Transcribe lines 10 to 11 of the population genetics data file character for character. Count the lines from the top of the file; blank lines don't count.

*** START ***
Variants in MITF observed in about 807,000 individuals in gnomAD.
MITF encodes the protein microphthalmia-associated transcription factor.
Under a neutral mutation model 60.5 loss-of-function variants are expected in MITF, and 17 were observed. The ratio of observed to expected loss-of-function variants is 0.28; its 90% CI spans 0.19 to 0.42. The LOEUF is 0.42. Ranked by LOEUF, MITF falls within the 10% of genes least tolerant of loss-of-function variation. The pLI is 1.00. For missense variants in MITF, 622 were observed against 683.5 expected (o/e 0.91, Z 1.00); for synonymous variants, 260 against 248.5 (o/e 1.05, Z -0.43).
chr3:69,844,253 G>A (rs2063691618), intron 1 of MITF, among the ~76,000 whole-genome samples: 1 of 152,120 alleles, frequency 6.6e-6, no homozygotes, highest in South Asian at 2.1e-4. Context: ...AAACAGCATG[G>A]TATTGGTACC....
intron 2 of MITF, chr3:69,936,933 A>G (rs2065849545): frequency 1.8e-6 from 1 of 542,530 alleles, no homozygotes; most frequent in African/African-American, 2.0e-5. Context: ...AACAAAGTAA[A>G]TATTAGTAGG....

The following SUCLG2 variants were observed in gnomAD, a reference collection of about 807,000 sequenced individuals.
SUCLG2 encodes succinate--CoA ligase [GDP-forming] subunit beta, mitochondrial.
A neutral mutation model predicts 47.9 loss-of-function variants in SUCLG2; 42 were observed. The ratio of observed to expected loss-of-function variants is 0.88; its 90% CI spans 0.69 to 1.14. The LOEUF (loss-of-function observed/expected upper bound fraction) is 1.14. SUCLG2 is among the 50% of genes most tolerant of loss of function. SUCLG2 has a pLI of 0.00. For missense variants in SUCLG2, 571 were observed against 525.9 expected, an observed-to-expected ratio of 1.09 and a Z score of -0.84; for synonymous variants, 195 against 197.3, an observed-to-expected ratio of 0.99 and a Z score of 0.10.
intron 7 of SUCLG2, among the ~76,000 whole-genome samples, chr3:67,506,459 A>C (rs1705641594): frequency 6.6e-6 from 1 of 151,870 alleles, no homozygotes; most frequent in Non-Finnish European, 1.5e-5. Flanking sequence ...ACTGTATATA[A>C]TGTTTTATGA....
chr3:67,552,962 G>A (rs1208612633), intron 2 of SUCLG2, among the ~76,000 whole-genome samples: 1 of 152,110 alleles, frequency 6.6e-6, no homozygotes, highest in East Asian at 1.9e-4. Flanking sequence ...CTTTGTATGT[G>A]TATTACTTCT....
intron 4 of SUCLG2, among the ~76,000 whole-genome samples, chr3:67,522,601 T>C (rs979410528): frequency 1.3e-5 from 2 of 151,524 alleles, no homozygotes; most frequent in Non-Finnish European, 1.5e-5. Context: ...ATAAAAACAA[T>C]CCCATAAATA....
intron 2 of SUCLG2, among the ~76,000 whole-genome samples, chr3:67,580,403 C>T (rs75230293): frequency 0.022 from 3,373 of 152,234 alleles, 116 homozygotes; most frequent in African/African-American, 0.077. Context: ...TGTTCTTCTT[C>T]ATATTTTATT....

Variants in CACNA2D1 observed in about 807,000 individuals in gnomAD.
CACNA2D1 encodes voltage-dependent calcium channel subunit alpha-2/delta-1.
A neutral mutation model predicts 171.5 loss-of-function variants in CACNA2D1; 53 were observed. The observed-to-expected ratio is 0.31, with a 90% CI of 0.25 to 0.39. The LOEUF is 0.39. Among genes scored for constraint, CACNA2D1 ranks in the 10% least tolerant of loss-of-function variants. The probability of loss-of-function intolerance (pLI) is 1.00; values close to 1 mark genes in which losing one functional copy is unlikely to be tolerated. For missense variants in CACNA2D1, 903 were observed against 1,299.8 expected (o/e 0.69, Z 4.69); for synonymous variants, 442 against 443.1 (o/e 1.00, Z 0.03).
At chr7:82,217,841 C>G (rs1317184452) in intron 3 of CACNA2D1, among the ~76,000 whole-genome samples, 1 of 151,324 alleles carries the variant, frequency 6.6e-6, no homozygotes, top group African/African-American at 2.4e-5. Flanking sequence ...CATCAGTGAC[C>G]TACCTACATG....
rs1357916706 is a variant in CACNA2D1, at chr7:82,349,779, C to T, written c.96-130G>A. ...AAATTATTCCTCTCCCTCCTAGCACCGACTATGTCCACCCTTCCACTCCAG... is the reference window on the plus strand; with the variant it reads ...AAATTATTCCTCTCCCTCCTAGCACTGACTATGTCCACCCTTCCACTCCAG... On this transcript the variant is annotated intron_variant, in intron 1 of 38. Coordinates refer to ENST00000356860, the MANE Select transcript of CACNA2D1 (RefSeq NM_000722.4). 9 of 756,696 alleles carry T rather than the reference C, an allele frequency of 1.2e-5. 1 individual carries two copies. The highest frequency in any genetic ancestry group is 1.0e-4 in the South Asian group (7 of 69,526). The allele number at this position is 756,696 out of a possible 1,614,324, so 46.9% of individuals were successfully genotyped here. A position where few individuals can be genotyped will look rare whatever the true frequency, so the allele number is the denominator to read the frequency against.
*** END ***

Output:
chr3:67,552,962 G>A (rs1208612633), intron 2 of SUCLG2, among the ~76,000 whole-genome samples: 1 of 152,110 alleles, frequency 6.6e-6, no homozygotes, highest in East Asian at 1.9e-4. Flanking sequence ...CTTTGTATGT[G>A]TATTACTTCT....
intron 4 of SUCLG2, among the ~76,000 whole-genome samples, chr3:67,522,601 T>C (rs979410528): frequency 1.3e-5 from 2 of 151,524 alleles, no homozygotes; most frequent in Non-Finnish European, 1.5e-5. Context: ...ATAAAAACAA[T>C]CCCATAAATA....